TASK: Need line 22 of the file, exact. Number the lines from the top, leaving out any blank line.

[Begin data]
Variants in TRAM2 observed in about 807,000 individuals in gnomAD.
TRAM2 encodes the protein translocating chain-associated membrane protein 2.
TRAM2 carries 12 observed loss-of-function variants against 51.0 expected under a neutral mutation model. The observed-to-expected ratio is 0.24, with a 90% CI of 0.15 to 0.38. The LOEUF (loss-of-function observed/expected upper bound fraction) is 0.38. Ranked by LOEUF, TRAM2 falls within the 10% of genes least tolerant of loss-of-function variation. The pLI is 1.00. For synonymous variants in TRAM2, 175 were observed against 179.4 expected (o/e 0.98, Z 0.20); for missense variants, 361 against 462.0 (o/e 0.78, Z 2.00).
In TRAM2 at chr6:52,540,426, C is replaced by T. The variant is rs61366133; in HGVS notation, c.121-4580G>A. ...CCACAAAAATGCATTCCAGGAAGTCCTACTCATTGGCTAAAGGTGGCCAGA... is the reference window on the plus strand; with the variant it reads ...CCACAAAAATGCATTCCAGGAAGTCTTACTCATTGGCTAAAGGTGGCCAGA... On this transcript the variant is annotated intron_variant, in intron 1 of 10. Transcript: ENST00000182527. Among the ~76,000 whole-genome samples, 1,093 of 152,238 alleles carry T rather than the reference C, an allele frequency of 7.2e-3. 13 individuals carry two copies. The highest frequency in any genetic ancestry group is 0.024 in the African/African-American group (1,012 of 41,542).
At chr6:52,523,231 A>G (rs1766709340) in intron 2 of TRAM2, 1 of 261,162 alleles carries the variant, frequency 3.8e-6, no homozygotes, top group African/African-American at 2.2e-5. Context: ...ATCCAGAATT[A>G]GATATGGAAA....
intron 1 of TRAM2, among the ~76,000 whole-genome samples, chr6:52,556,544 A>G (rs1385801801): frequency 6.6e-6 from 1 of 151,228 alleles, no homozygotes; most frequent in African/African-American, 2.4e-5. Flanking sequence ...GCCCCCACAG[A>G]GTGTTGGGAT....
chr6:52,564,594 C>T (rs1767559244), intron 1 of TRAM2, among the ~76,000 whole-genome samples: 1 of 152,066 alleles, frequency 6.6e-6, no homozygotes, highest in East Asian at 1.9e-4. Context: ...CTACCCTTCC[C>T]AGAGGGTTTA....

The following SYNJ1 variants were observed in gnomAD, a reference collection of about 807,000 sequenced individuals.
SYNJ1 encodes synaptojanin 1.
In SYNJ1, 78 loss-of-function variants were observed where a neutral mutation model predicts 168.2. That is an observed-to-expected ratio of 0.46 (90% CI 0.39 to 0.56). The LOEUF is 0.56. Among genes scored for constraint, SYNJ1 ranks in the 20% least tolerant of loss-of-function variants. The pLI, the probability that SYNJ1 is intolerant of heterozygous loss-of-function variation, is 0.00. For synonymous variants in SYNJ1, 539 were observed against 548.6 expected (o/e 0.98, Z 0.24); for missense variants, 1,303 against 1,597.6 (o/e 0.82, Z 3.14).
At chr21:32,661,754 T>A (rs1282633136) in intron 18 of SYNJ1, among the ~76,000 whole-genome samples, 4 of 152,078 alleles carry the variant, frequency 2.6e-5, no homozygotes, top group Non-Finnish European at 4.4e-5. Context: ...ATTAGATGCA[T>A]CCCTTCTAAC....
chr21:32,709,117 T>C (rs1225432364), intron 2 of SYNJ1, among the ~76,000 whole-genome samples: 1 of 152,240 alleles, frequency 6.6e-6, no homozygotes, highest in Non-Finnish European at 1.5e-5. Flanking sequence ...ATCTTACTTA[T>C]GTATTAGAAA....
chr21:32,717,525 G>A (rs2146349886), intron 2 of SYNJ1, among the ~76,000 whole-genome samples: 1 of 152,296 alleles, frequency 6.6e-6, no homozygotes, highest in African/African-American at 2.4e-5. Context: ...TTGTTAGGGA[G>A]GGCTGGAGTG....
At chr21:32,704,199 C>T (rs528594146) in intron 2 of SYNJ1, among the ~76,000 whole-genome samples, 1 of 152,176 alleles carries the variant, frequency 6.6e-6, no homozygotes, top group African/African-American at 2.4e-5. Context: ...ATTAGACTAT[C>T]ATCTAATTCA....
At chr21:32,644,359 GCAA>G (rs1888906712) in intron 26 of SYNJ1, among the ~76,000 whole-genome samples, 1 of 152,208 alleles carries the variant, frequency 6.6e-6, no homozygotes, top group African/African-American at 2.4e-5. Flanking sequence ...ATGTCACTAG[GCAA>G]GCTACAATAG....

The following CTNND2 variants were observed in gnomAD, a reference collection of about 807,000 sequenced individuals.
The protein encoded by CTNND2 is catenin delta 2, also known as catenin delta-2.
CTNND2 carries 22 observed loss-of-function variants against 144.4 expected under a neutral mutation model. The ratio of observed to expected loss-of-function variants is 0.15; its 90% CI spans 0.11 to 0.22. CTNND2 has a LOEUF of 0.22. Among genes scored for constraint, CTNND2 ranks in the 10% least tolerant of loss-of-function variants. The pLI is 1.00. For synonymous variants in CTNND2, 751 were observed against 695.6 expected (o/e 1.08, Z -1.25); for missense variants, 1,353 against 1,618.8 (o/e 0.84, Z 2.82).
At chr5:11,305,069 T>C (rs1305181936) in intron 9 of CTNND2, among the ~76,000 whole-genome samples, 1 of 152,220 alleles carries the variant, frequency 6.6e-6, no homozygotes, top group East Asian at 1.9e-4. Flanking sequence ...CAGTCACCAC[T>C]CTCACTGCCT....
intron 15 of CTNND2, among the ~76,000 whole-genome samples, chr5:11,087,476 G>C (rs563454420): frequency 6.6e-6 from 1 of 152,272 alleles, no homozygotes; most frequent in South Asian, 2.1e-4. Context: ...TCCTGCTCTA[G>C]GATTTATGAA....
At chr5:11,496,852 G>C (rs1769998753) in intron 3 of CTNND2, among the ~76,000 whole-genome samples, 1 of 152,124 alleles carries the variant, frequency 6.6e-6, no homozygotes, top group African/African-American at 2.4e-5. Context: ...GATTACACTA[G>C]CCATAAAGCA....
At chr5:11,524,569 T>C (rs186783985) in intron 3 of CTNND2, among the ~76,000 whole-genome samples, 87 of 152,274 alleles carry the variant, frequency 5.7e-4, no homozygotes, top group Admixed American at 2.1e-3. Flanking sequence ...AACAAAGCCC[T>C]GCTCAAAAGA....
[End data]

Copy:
At chr5:11,524,569 T>C (rs186783985) in intron 3 of CTNND2, among the ~76,000 whole-genome samples, 87 of 152,274 alleles carry the variant, frequency 5.7e-4, no homozygotes, top group Admixed American at 2.1e-3. Flanking sequence ...AACAAAGCCC[T>C]GCTCAAAAGA....